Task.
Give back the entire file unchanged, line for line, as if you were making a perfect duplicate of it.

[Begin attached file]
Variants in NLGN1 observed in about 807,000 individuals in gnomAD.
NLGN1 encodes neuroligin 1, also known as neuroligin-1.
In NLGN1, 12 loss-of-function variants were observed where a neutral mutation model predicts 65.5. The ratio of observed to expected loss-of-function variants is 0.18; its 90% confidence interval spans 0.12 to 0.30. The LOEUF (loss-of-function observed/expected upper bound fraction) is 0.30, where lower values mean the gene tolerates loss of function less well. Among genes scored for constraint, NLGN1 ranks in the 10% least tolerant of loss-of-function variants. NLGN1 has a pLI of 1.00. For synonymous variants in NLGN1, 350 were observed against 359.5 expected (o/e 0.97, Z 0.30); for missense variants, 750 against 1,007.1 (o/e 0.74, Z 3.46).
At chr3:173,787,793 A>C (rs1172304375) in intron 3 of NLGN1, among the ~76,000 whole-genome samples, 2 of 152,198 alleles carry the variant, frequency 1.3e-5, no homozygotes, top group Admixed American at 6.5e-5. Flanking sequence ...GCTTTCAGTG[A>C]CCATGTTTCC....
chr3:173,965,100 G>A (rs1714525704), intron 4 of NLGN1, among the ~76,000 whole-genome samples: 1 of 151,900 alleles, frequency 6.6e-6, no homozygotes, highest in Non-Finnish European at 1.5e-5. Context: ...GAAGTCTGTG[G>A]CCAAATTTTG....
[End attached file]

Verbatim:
Variants in NLGN1 observed in about 807,000 individuals in gnomAD.
NLGN1 encodes neuroligin 1, also known as neuroligin-1.
In NLGN1, 12 loss-of-function variants were observed where a neutral mutation model predicts 65.5. The ratio of observed to expected loss-of-function variants is 0.18; its 90% confidence interval spans 0.12 to 0.30. The LOEUF (loss-of-function observed/expected upper bound fraction) is 0.30, where lower values mean the gene tolerates loss of function less well. Among genes scored for constraint, NLGN1 ranks in the 10% least tolerant of loss-of-function variants. NLGN1 has a pLI of 1.00. For synonymous variants in NLGN1, 350 were observed against 359.5 expected (o/e 0.97, Z 0.30); for missense variants, 750 against 1,007.1 (o/e 0.74, Z 3.46).
At chr3:173,787,793 A>C (rs1172304375) in intron 3 of NLGN1, among the ~76,000 whole-genome samples, 2 of 152,198 alleles carry the variant, frequency 1.3e-5, no homozygotes, top group Admixed American at 6.5e-5. Flanking sequence ...GCTTTCAGTG[A>C]CCATGTTTCC....
chr3:173,965,100 G>A (rs1714525704), intron 4 of NLGN1, among the ~76,000 whole-genome samples: 1 of 151,900 alleles, frequency 6.6e-6, no homozygotes, highest in Non-Finnish European at 1.5e-5. Context: ...GAAGTCTGTG[G>A]CCAAATTTTG....